A honeypot set up by researchers has shown that attackers have already attempted to exploit a recently disclosed vulnerability that can be used to gain administrative access to Juniper Networks’ NetScreen firewalls.
Juniper Networks warned customers last week that it had identified unauthorized code in some versions of the ScreenOS operating system running on NetScreen devices. This code has been found to introduce two vulnerabilities: one that can be exploited to remotely gain administrative access to a device via telnet or SSH (CVE-2015-7755), and one that can be leveraged by an attacker with access to VPN connections to decrypt VPN traffic (CVE-2015-7756).
Security experts have analyzed the code changes between the vulnerable and patched versions of ScreenOS and determined that the remote admin access was likely possible due to a default password disguised in the code as a debug string. It took Fox-IT researchers only six hours to find the password.
Exploit Attempts in the Wild
Researchers at the SANS Technology Institute’s Internet Storm Center (ISC) have deployed a honeypot designed to emulate ScreenOS. Attackers have been using the backdoor password disclosed earlier this week in an attempt to access the honeypot via SSH.
“Our honeypot doesn’t emulate ScreenOS beyond the login banner, so we do not know what the attackers are up to, but some of the attacks appear to be ‘manual’ in that we do see the attacker trying different commands,” said Johannes Ullrich, dean of research at the SANS Technology Institute.
The SANS Institute’s honeypots detected tens of exploit attempts, most of which used the usernames “root” and “admin.” Other usernames seen by experts include “netscreen,” “login,” “administrator,” “test” and “system.”
Of the 78 attempts recorded in a five-hour timeframe, two dozen came from an IP address in a range owned by a Netherlands-based media and communications services provider. One of the IPs belongs to security firm Qualys and the request is most likely part of the company’s research efforts.
The authentication bypass flaw impacts ScreenOS 6.3.0r17 through 6.3.0r20 and is believed to have been introduced sometime in late 2013. The VPN decryption issue affects ScreenOS versions 6.2.0r15 through 6.2.0r18 and 6.3.0r12 through 6.3.0r20 and appears to have been introduced in 2012.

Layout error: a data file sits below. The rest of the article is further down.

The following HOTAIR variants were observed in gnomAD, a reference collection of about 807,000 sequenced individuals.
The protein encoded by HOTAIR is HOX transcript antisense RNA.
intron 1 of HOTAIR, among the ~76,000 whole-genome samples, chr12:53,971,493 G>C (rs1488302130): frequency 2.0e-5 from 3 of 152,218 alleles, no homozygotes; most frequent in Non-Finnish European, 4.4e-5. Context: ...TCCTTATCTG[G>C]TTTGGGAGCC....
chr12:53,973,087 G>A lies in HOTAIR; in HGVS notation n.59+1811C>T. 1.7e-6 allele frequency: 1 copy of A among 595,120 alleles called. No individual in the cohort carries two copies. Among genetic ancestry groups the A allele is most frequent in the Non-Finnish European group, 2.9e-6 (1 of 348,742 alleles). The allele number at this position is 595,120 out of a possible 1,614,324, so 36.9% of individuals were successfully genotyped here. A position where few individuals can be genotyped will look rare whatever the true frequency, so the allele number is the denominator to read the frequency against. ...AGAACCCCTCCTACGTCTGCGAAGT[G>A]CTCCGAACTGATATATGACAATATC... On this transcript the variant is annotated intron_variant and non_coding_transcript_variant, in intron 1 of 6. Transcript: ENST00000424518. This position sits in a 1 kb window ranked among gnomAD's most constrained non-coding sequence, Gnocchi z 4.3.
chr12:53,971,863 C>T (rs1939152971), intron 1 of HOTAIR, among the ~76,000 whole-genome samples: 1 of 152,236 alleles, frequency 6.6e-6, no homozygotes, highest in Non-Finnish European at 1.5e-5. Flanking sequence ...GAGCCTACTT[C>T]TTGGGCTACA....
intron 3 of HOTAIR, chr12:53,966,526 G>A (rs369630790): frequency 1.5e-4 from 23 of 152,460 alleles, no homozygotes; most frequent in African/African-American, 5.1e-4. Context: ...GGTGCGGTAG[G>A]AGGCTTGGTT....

Several experts have conducted an analysis of the authentication vulnerability and discovered that its root cause is a default password, “<<< %s(un=’%s’) = %u,” that can be exploited by an attacker who knows a valid username to gain admin access.
Once an attacker hacks into a device, they can remove the log entries to cover their tracks. However, as experts highlighted, if logs are monitored by a security information and event management (SIEM) product or other security solutions, an attack attempt could trigger alerts.
Rapid7’s HD Moore reported that there are roughly 26,000 NetScreen devices accessible via the Internet.
The VPN vulnerability is believed to be related to the Dual Elliptic Curve Deterministic Random Bit Generator (Dual EC DRBG), which is used by ScreenOS as a pseudo-random number generator (PRNG). Dual EC DRBG is known to contain a backdoor, but Juniper noted that it hasn’t used it as the primary RNG and it changed the pre-defined elliptic curve points cited by NIST, which should mitigate security risks.
Experts pointed out that while Juniper might have changed one of the points to make the system secure, someone appears to have broken into the networking company’s systems and changed the point again.
Ralf-Philipp Weinmann, founder and CEO of research and consulting company Comsecuris, told Wired that passively decrypting VPN traffic is possible due to a combination of inherent weaknesses in Dual EC, the changed point, and a configuration problem introduced by Juniper. The expert believes the patch released by Juniper doesn’t properly address the problem.
NSA or Foreign Government
The theory that the U.S. National Security Agency might be responsible for the ScreenOS backdoor is partly based on older reports claiming that the agency had targeted Juniper products.
Furthermore, the vulnerable Dual EC standard is said to be an NSA effort to introduce a backdoored PRNG. The backdoor allows an attacker who possesses a secret key to predict future output.
The NSA reportedly paid RSA $10 million to get the company to use Dual EC by default in one of its toolkits.
CNN reported last week that U.S. officials are concerned that the Juniper backdoor could be the work of a foreign government, which has triggered an FBI investigation.
As Google security engineer Adam Langley and others have pointed out, it’s possible that another entity and not the NSA is behind the incident. However, by introducing the backdoor in Dual EC, the agency “laid the groundwork for someone else to attack US interests.”
Cisco Products Reviewed
After news of the unauthorized code broke, networking giant Cisco decided to review its own products for malicious changes. For the time being, the company says it hasn’t seen any of the indicators detailed in Juniper’s disclosure, but the company will be conducting a thorough analysis.
“Although our normal practices should detect unauthorized software, we recognize that no process can eliminate all risk,” Cisco’s Anthony Grieco said. “Our additional review includes penetration testing and code reviews by engineers with deep networking and cryptography experience.”